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Years Worth of the Stuff

bAP15This time last year I mentioned a particularly disturbing-looking compound, sold commercially as a so-called “selective inhibitor” of two deubiquitinase enzymes. Now, I have a fairly open mind about chemical structures, but that thing is horrible, and if it’s really selective for just those two proteins, then I’m off to truck-driving school just like Mom always wanted.
Here’s an enlightening look through the literature at this whole class of compound, which has appeared again and again. The trail seems to go back to this 2001 paper in Biochemistry. By 2003, you see similar motifs showing up as putative anticancer agents in cell assays, and in 2006 the scaffold above makes its appearance in all its terrible glory.
The problem is, as Jonathan Baell points out in that post, that this series has apparently never really had a proper look at its SAR, or at its selectivity. It wanders through a series of publications full of on-again off-again cellular readouts, with a few tenuous conclusions drawn about its structure – and those are discarded or forgotten by the time the next paper comes around. As Baell puts it:

The dispiriting thing is that with or without critical analysis, this compound is almost certainly likely to end up with vendors as a “useful tool”, as they all do. Further, there will be dozens if not hundreds of papers out there where entirely analogous critical analyses of paper trails are possible.
The bottom line: people still don’t realize how easy it is to get a biological readout. The more subversive a compound, the more likely this is. True tools and most interesting compounds usually require a lot more medicinal chemistry and are often left behind or remain undiscovered.

Amen to that. There is way too much of this sort of thing in the med-chem literature already. I’m a big proponent of phenotypic screening, but setting up a good one is harder than setting up a good HTS, and working up the data from one is much harder than working up the data from an in vitro assay. The crazier or more reactive your “hit” seems to be, the more suspicious you should be.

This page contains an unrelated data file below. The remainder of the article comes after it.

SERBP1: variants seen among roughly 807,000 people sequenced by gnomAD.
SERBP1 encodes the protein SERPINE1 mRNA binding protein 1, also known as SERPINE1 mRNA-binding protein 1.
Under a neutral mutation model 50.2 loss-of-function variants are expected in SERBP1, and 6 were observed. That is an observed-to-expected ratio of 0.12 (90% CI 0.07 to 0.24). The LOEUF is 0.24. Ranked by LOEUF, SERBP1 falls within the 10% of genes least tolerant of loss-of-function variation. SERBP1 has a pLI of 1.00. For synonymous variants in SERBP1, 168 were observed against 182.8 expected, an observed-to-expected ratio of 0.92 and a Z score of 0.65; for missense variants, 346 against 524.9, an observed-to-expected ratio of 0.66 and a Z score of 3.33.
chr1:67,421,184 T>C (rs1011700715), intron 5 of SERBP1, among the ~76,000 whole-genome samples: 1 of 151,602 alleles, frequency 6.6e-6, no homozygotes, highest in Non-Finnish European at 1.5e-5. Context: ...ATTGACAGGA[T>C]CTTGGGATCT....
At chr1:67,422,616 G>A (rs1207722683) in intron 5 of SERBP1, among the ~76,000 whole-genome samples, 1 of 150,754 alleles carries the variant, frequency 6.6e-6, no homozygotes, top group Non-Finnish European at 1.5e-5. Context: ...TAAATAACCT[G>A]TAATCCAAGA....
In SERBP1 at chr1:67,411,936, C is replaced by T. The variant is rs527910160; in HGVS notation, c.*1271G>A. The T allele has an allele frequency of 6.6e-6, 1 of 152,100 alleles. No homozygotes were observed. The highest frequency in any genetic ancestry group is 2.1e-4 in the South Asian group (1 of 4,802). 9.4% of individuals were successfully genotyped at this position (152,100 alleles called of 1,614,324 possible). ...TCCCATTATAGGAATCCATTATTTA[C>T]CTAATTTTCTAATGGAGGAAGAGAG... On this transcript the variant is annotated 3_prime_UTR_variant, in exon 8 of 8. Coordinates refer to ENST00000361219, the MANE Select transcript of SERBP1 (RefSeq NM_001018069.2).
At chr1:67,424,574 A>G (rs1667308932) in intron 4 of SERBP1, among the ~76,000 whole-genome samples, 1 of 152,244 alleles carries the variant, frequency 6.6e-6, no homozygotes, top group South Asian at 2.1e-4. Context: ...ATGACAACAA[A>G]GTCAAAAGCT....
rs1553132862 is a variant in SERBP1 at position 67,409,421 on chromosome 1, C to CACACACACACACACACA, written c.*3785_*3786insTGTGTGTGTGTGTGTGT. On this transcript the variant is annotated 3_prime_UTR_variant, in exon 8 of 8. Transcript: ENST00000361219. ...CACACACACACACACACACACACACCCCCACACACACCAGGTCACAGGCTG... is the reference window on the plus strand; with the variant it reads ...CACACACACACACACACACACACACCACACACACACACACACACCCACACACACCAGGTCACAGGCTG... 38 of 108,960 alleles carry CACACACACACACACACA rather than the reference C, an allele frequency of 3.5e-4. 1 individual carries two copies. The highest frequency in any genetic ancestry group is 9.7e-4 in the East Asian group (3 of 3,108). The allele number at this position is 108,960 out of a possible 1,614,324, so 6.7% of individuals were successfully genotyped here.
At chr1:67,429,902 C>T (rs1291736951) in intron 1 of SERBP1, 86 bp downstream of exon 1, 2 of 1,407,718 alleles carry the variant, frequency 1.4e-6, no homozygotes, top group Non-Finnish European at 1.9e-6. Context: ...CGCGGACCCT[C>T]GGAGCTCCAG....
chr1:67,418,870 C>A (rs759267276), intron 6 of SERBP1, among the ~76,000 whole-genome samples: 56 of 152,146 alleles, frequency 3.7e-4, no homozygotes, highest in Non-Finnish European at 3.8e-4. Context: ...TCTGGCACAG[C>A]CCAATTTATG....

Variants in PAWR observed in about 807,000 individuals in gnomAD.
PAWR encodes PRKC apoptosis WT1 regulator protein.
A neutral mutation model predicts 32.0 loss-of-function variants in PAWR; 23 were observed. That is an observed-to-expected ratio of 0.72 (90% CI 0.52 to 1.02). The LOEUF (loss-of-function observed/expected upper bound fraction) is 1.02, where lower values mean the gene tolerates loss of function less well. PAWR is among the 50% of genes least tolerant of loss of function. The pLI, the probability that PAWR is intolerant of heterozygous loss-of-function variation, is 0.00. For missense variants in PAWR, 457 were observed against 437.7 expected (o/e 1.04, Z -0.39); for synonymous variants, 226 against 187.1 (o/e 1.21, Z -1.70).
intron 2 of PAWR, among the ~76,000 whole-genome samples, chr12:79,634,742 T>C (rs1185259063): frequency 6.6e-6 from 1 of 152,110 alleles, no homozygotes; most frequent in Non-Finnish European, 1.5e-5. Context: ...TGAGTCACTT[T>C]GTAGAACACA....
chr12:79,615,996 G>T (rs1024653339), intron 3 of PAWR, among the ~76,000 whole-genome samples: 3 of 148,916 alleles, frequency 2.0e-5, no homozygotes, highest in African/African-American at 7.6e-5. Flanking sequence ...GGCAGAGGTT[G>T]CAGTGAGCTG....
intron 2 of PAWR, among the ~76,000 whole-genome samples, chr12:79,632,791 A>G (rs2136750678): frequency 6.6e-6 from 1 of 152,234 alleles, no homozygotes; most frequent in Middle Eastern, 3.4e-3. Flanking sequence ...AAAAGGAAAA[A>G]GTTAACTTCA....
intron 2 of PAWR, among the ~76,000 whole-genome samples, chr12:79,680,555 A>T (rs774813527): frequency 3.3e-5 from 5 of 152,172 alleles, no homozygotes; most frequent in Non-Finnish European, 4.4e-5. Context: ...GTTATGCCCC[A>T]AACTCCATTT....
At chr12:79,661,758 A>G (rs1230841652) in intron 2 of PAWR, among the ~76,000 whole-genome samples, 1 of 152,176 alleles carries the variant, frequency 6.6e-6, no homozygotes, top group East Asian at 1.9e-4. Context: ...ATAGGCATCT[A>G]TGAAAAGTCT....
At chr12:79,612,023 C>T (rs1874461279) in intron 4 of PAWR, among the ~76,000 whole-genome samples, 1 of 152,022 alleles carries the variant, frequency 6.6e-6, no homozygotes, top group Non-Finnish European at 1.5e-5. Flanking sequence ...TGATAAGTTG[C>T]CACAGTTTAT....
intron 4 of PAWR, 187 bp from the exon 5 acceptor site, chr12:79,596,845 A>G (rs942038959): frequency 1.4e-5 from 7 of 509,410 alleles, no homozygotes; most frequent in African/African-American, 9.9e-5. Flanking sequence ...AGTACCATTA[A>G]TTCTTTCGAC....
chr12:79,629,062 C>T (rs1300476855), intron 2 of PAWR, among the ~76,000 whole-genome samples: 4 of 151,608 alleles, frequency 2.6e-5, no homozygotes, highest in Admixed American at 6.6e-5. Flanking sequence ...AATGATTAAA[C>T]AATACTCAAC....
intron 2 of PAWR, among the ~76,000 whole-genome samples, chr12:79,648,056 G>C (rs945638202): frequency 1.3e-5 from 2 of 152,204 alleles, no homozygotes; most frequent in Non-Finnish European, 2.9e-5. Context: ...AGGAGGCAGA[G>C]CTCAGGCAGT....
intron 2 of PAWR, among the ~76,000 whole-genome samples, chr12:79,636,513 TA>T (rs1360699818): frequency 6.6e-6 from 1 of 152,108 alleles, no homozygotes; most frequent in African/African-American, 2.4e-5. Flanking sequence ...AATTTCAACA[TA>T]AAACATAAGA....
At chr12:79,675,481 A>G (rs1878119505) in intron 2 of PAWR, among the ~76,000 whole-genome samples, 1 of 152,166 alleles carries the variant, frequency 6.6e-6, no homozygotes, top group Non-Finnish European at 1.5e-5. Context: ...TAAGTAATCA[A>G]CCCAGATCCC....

The usual reply to that objection is “Tool compound!” But the standards for a tool compound, one used to investigate new biology and cellular pathways, are higher than usual. How are you going to unravel a biochemical puzzle if you’re hitting nine different things, eight of which you’re totally unaware of? Or skewing your assay readouts by some other effect entirely? This sort of thing happens all the time.
I can’t help but think about such things when I read about a project like this one, where IBM’s Watson software is going to be used to look at sequences from glioblastoma patients. That’s going to be tough, but I think it’s worth a look, and the Watson program seems to be just the correlation-searcher for the job. But the first thing they did was feed in piles of biochemical pathway data from the literature, and the problem is, a not insignificant proportion of that data is wrong. Statements like these are worrisome:

Over time, Watson will develop its own sense of what sources it looks at are consistently reliable. . .if the team decides to, it can start adding the full text of articles and branch out to other information sources. Between the known pathways and the scientific literature, however, IBM seems to think that Watson has a good grip on what typically goes on inside cells.

Maybe Watson can tell the rest of us, then. Because I don’t know of anyone actually doing cell biology who feels that way, not if they’re being honest with themselves. I wish the New York Genome Center and IBM luck in this, and I still think it’s a worthwhile thing to at least try. But my guess is that it’s going to be a humbling experience. Even if all the literature were correct in every detail, I think it would be one. And the literature is not correct in every detail. It has compounds like that one at the top of the entry in it, and people seem to think that they can draw conclusions from them.

19 comments on “Years Worth of the Stuff”

  1. SP says:

    “I’m a big proponent of phenotypic screening, but setting up a good one is harder than setting up a good HTS”
    Your use of terms confuses me- isn’t phenotypic screening just a class of HTS? Or do you assume HTS = purified biochemical system?